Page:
Bill named after Fort Bragg soldier with cancer passes House

WASHINGTON (WTVD) -- There was a victory on Capitol Hill for Fort Bragg soldier Sgt. 1st Class Richard Stayskal who is fighting for a change that would give active duty military the right to sue for medical malpractice.

On Friday, the House passed its version of the 2020 National Defense Authorization Act, and it includes a bill named after Stayskal. The bill includes provisions to the Feres Doctrine, a nearly 70-year-old legal rule that prevents active duty soldiers from suing for medical malpractice.

"Today is the day that my clients in the Armed Forces have a chance to the justice that they long deserved," Stayskal's attorney, Natalie Khawam said Friday. "My client Sgt. 1st Class Richard Stayskal is a true American hero and a patriot. We fought long and hard so that our troops can seek vindication with the success of the House passing our bill today.

"I look forward to representing and bringing justice for all our members of the military (who) were wronged by medical malpractice," she added.

In December, we first told Stayskal's fight to change the Feres Doctrine. The Purple Heart recipient is stationed at Fort Bragg and lives in Pinehurst with his wife, Megan, and two daughters. He has stage four lung cancer.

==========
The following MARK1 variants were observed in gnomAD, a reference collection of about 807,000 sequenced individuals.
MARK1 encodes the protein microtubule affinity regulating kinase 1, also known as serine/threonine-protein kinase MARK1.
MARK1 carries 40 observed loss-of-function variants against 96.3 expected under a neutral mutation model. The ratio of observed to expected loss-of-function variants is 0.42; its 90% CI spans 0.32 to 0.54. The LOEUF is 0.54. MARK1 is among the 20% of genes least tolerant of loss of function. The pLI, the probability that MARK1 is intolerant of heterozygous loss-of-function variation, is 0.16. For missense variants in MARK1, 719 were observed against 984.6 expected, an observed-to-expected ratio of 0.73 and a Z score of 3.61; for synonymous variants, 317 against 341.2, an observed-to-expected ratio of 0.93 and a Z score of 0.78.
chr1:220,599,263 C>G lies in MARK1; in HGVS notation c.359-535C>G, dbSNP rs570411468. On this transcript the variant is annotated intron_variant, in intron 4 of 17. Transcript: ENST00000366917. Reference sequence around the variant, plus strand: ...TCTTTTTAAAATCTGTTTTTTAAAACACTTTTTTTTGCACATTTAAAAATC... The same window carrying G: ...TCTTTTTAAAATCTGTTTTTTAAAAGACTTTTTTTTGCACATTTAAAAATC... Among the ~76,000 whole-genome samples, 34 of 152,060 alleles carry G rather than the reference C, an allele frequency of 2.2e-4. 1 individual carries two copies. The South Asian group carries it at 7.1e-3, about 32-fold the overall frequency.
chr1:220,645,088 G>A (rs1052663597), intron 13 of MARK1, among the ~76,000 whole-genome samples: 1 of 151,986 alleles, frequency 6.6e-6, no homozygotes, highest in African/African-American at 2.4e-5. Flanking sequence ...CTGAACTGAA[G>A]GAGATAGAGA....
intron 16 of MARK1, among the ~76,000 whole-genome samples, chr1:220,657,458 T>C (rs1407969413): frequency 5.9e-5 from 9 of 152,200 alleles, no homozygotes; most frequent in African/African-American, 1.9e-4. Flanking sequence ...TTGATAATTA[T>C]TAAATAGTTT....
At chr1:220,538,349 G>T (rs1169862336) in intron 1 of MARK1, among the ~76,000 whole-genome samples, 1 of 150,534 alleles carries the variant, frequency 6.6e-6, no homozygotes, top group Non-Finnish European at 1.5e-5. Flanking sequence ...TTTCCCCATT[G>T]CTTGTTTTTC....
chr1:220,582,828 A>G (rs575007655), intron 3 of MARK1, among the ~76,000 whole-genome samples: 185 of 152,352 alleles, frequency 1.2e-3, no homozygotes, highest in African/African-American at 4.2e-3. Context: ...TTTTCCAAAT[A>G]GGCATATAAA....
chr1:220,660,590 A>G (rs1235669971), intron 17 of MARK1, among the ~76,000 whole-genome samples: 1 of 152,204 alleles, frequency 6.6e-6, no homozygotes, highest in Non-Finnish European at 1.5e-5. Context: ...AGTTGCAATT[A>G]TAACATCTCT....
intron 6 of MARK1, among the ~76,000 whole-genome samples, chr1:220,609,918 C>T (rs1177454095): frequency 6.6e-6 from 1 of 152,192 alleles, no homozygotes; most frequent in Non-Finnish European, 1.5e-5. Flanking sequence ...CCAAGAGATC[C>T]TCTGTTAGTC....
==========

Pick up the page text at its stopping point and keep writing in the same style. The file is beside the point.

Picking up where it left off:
It's a cancer diagnosis that he said should have been caught earlier but was missed by military doctors at Womack Army Medical Center during a routine physical in January 2017. After that physical, Stayskal's health declined, and it wasn't until he saw a civilian specialist off base where he was given the grim diagnosis.

We were with Stayskal as he took his fight to lawmakers in Washington. They listened and proposed The Sergeant First Class Richard Stayskal Military Medical Accountability Act of 2019. Provisions of that act are now included in the House's defense bill that passed Friday.

The NDAA is still several steps from becoming law. Lawmakers must come up with a compromise version between the one passed by the House and the one passed last month in the Senate.
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